Try and embrace the situation- the people around you and the staff looking after you are all in the same position as you. Speak to them, offer support and learn from them.
I found it was a mindset you needed to change- if you think positive and accept the position you are in, it makes it’s an easier process in the long run.
My partner Rusty was with me during labour. I feel, and I’m sure he agrees, that he was treated very well by everyone on the ward. The midwives communicated well with him when I was concentrating on things in hand, he was offered food and drinks when I was, and was allowed to stay in the labour ward as long as I was. The experience my partner had wasn’t all that different from what it would have been if he was supporting me out with the pandemic.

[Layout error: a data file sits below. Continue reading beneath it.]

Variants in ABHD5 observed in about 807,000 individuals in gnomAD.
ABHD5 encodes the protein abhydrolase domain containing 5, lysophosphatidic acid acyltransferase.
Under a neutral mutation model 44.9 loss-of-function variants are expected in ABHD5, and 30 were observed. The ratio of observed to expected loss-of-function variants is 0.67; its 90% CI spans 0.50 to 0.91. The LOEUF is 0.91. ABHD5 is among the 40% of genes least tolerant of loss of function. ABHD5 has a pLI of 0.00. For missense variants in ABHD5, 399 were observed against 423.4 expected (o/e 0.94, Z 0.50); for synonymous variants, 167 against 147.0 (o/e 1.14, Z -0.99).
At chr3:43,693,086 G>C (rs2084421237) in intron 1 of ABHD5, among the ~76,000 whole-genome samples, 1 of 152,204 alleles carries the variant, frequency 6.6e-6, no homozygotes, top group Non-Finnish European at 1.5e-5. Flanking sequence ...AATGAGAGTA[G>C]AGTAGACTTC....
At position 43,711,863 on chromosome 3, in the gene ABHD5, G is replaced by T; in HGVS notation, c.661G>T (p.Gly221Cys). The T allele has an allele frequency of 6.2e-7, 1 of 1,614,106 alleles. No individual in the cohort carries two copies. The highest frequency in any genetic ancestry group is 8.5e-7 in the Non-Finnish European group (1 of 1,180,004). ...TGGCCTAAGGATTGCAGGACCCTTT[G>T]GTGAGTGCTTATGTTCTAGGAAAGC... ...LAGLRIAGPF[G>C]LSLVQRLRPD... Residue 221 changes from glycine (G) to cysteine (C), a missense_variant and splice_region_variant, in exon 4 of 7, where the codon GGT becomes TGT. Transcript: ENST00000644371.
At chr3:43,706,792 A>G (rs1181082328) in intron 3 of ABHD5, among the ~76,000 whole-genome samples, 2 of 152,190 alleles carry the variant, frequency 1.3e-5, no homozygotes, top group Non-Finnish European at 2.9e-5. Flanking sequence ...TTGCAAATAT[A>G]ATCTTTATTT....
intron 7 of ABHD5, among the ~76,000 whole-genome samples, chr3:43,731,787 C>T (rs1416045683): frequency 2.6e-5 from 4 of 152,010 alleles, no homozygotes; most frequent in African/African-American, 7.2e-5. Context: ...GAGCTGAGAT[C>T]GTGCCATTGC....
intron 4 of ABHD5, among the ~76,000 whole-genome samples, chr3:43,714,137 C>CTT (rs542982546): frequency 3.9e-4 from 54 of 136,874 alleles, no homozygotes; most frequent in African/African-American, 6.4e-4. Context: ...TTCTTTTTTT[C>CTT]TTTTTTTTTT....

My partner found it all a bit surreal. He felt a bit helpless being at home and not being able to support me whilst I was on ward 8. When he did get to come into delivery he felt welcomed, involved in the experience and overall was very impressed with the professionalism of the staff in difficult times.
With this being my second baby, I have the experience with my first daughter to compare too, and on a whole not much is different. They seemed eager to discharge from ward 8- which is understandable. I do believe they wouldn’t push someone to go home if they weren’t ready.
The staff in ward 8 ask that whoever is picking you up from the hospital hands your car seat into the ward and then waits for you at the door. Someone from the ward will then help you with your bags and car seat.